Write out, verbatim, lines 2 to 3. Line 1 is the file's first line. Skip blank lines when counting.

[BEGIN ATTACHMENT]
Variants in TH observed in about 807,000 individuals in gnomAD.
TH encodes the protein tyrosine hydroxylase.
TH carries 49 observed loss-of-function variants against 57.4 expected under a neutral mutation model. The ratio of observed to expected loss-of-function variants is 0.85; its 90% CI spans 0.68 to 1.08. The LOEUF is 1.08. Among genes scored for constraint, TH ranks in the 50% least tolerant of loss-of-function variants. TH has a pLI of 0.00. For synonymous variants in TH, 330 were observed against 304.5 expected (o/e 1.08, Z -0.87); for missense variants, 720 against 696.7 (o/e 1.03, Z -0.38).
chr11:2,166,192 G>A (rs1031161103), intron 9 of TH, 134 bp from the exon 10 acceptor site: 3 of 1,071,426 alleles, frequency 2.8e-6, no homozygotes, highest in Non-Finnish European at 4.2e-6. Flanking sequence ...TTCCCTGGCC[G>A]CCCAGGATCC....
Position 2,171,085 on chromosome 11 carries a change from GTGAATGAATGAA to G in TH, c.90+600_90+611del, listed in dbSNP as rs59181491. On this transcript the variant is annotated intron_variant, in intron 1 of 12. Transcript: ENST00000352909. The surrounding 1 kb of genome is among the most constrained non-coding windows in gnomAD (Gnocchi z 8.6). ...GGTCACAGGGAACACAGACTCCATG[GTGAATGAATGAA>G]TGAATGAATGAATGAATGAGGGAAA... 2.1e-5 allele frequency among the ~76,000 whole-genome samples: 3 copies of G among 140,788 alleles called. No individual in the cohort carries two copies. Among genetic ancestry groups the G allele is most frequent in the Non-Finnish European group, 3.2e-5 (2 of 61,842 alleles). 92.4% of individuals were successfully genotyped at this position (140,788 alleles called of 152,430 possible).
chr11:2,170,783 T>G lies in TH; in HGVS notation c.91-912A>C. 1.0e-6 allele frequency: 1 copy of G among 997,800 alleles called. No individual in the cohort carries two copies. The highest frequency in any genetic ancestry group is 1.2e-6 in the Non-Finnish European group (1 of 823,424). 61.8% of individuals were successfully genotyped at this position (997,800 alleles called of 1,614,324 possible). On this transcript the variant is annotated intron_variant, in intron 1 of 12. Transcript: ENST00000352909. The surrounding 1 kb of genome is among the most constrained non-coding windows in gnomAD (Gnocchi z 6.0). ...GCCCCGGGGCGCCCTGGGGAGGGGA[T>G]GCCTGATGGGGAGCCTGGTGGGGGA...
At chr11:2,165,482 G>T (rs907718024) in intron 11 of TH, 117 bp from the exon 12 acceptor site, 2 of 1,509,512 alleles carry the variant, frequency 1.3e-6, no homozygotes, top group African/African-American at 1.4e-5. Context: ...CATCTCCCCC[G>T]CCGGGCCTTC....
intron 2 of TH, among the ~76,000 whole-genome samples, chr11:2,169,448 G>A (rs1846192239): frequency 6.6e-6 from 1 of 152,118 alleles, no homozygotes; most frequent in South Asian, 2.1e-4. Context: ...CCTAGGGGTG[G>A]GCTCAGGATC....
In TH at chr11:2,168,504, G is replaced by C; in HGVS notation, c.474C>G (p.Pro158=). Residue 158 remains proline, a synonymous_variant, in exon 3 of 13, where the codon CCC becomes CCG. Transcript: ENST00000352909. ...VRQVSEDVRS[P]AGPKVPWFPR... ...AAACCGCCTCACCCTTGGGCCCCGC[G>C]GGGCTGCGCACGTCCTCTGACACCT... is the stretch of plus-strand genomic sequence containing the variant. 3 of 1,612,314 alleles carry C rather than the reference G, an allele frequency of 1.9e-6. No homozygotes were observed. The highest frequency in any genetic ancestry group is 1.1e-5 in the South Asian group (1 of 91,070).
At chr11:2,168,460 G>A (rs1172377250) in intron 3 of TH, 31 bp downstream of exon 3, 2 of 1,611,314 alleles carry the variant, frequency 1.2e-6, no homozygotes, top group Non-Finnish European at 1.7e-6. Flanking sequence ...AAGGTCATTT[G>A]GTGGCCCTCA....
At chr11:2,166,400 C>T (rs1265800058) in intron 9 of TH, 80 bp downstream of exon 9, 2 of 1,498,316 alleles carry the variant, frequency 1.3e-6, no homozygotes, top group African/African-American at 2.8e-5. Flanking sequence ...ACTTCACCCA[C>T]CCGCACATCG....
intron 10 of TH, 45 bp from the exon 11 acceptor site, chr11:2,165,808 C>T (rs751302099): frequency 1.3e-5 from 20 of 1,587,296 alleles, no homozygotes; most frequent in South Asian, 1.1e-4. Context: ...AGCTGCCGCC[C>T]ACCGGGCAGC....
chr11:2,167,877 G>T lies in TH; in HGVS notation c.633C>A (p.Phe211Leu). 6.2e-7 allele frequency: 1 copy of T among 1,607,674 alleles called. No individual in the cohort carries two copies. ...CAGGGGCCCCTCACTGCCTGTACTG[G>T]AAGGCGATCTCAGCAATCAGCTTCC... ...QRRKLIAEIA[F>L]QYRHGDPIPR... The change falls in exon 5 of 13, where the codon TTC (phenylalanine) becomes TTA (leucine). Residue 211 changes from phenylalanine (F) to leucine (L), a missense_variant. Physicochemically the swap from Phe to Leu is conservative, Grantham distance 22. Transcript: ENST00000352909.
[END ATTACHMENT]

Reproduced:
TH encodes the protein tyrosine hydroxylase.
TH carries 49 observed loss-of-function variants against 57.4 expected under a neutral mutation model. The ratio of observed to expected loss-of-function variants is 0.85; its 90% CI spans 0.68 to 1.08. The LOEUF is 1.08. Among genes scored for constraint, TH ranks in the 50% least tolerant of loss-of-function variants. TH has a pLI of 0.00. For synonymous variants in TH, 330 were observed against 304.5 expected (o/e 1.08, Z -0.87); for missense variants, 720 against 696.7 (o/e 1.03, Z -0.38).